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Outrunning Parkinson's

After many steps in her battle, she's back to compete and raise funds and awareness.

By ALEXANDRA ZAYAS
Published February 16, 2007


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TAMPA

Erica Mandelbaum is a machine. Not because of the four electrodes implanted in her brain, or the batteries buried into her chest. But because she never stops. She runs for miles and miles along the same curvy, scenic Davis Islands path every day. Behind her, she's got eleven years of tears, operations and scars that started with a diagnosis of Parkinson's disease when she was just 39 years old. Ahead, she's got Saturday's Gasparilla Distance Classic 15-kilometer run. She can't stop, she said. She's running for her life.

Mandelbaum held up her trembling hand for the orthopedist in 1997.

She thought she'd damaged a nerve along with the bone she broke when the bedroom door slammed shut on her hand.

He thought she should see a neurologist.

She lay still in several cramped, noisy machines as they probed her brain. They didn't detect anything, but the tremor didn't go away.

One doctor told her the tremble was all in her mind, and suggested a psychologist. Another gave her some pills, used to treat Parkinson's disease. He told her that if the shaking stopped, she had the degenerative disorder of the central nervous system.

The shaking stopped.

Shock set in. Then came depression. Although drugs can help relieve the symptoms, the disease has no cure.

She clung to her beloved pastime and ran as long as she could. It helped her fight the depression. She did her best thinking while she ran.

But the woman with running trophies on her shelves - who once finished a Gasparilla race among the fastest 100 women - slowed to a jog, then a limp. She couldn't even pour coffee without spilling it.

The doctor offered her a scary solution: a radical new treatment called deep brain stimulation that required the surgical implantation of an electrical device often described as a pacemaker for the brain. She was terrified, but her husband, Sam, urged her to take the risk. The year was 2003.

She traveled to Georgia and met surgeons at Emory University Hospital. They injected an anesthetic into her forehead. Then they screwed a halo into her skull. She had to stay awake the whole time, showing doctors she could move her hands, tongue and count backward on command, so that they could make sure they implanted the device's electrodes in the right place.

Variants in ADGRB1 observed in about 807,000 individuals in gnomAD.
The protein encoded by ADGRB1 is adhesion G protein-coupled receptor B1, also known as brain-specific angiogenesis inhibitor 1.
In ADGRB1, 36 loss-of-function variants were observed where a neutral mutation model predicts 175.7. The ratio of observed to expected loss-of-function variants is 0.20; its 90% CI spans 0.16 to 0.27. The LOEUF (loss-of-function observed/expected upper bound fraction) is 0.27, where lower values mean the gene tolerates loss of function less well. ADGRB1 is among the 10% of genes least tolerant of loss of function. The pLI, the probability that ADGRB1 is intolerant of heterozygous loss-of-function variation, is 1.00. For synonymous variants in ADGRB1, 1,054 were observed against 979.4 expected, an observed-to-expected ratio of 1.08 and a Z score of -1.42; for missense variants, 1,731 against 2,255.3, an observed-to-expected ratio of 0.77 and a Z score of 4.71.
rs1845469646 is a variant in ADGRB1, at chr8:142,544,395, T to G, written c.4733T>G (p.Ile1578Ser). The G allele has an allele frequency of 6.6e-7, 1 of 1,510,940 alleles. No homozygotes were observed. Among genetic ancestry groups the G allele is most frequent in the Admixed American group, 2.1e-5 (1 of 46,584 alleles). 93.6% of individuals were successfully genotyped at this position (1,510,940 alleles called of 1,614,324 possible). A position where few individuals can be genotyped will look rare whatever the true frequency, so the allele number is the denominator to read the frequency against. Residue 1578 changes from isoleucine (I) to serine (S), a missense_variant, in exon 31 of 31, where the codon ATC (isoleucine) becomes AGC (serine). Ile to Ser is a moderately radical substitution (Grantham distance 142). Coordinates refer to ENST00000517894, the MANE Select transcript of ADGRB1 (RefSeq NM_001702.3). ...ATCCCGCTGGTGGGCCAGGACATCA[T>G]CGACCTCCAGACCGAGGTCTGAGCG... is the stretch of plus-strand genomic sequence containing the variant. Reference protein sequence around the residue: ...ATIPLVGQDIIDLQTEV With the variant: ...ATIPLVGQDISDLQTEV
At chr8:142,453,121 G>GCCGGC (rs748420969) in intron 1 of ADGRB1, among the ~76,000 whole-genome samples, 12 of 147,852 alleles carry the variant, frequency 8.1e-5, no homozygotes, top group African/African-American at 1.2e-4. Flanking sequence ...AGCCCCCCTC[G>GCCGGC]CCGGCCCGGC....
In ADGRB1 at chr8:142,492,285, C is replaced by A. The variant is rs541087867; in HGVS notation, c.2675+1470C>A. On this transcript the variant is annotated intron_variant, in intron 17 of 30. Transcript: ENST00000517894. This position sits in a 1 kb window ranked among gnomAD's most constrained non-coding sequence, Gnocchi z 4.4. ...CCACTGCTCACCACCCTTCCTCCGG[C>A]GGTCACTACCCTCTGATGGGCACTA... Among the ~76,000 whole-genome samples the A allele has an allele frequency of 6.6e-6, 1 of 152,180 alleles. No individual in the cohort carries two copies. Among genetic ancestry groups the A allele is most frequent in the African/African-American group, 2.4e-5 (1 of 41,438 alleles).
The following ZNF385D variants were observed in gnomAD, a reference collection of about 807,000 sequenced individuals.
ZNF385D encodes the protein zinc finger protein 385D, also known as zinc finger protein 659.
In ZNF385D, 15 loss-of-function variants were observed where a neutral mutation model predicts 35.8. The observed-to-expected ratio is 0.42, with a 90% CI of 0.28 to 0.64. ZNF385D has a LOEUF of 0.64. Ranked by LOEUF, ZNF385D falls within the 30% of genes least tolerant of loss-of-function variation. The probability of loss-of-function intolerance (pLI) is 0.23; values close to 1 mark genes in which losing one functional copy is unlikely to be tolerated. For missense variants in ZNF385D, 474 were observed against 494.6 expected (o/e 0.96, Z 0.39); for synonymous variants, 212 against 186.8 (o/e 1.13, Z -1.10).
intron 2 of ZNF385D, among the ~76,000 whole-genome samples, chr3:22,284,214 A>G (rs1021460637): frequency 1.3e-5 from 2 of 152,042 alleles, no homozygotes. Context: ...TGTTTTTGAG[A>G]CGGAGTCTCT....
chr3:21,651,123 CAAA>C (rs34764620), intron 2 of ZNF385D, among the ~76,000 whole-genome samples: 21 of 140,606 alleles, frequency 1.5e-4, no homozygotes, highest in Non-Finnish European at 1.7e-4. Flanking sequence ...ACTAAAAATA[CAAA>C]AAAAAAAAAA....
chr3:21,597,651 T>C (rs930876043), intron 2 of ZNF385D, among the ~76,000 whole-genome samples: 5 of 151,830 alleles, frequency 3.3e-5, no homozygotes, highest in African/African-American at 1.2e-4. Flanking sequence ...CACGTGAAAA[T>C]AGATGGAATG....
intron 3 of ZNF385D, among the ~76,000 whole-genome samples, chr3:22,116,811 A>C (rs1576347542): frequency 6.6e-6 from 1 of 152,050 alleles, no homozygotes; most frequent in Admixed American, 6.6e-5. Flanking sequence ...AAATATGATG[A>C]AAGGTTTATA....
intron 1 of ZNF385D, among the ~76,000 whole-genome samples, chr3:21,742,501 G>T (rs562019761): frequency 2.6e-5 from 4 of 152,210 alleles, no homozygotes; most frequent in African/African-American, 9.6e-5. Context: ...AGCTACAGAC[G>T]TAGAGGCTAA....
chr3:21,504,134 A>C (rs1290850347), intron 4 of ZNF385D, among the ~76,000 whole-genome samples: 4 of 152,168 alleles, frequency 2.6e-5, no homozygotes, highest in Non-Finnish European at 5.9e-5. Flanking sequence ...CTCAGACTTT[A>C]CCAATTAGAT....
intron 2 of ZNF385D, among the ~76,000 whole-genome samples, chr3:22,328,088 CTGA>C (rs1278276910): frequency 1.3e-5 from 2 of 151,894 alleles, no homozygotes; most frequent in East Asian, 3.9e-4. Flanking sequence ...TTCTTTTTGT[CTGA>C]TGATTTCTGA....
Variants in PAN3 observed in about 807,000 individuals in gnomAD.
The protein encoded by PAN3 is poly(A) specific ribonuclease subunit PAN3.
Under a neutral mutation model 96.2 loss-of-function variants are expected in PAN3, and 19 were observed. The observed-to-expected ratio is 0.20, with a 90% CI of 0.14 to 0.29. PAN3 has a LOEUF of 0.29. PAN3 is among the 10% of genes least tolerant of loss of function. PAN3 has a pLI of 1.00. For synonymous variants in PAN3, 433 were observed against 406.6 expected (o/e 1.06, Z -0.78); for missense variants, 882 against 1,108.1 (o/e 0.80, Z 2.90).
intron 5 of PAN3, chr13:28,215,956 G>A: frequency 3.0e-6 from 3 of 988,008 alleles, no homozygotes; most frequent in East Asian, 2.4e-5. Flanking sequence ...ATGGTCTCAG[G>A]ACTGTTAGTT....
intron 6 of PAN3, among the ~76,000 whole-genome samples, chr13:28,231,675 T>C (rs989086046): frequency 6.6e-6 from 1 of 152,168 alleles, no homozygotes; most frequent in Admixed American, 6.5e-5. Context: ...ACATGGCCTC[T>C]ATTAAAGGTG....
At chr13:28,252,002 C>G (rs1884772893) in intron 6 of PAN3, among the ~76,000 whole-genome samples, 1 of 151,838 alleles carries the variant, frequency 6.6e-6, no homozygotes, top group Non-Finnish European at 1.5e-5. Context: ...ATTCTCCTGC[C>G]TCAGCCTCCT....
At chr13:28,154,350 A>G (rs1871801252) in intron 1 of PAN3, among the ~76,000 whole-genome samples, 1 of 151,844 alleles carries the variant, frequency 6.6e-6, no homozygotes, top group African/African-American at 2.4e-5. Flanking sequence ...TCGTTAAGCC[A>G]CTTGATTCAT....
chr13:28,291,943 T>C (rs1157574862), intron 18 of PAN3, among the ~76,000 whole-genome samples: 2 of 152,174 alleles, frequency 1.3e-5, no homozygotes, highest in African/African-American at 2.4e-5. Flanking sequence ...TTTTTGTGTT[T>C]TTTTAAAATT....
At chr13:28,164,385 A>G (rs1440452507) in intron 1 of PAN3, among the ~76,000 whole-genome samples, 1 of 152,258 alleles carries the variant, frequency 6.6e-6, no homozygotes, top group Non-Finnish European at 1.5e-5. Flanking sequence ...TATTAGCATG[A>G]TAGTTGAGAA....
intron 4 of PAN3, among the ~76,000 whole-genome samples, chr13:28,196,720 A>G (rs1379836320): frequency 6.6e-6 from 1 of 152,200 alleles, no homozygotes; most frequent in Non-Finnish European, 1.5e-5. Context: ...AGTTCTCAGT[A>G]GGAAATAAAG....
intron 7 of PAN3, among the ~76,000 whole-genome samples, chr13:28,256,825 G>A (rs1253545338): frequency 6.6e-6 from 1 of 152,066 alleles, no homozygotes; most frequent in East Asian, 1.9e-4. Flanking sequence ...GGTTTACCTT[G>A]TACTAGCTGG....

The results amazed her. Mandelbaum ran the Gasparilla 15-kilometer race to celebrate her chance at a normal life.

Then the Parkinson's caught up and hit the left side of her brain with a vengeance.

"My worst fear came true when I lost the ability to write," said the woman who writes for a living, as coordinator of internal communications at Tampa Electric.

In November of 2006, Mandelbaum met surgeons at the Cleveland Clinic for Round 2 of the operation. She says she wasn't scared. "My emotions range from ecstasy at the successful outcome to gratitude for the doctors' skill."

Recovery was tough, but before long, she slid into her running shoes again. She gets faster every day.

- - -

"That's how you go to war," she said. "You don't sit around feeling sorry for yourself."

Her weapon, apart from running, is a push to fund disease awareness and raise funds for stem-cell research.

She befriended Rasheda Ali, whose boxing legend father Muhammad Ali was diagnosed with the disease in the 1980s.

She pushed her way to the front of a John Kerry campaign stop to meet a fellow Parkinson's fighter, actor Michael J. Fox.

"I've met some amazing people," Mandelbaum writes. "I've spent time talking to strangers, bound together by an ugly disease, all searching for answers."

At the airport, Mandelbaum can't walk through security screening machines because of the devices inside of her. Guards pat her down instead.

She has to wear two sports bras to keep the batteries in her chest in place.

Mandelbaum turned 50 last October. Her goal is to be able to hold her grandchildren one day. Her son Ben is 19. Her daughter Lia is 23.

Her husband will race alongside her with colleagues from his law firm. "Don't be embarrassed when I leave you in the dust," she teases.

She stays up late at night watching Sex and the City and wears high heels like Carrie Bradshaw.

Having grown up as a very Reform Jew, she never had a bat mitzvah ceremony. Now, she's preparing for hers.

Mandelbaum looks forward to a lot of things. Especially Saturday's finish line.

Alexandra Zayas can be reached at 226-3354 or azayas@sptimes.com.

[Last modified February 15, 2007, 08:32:28]


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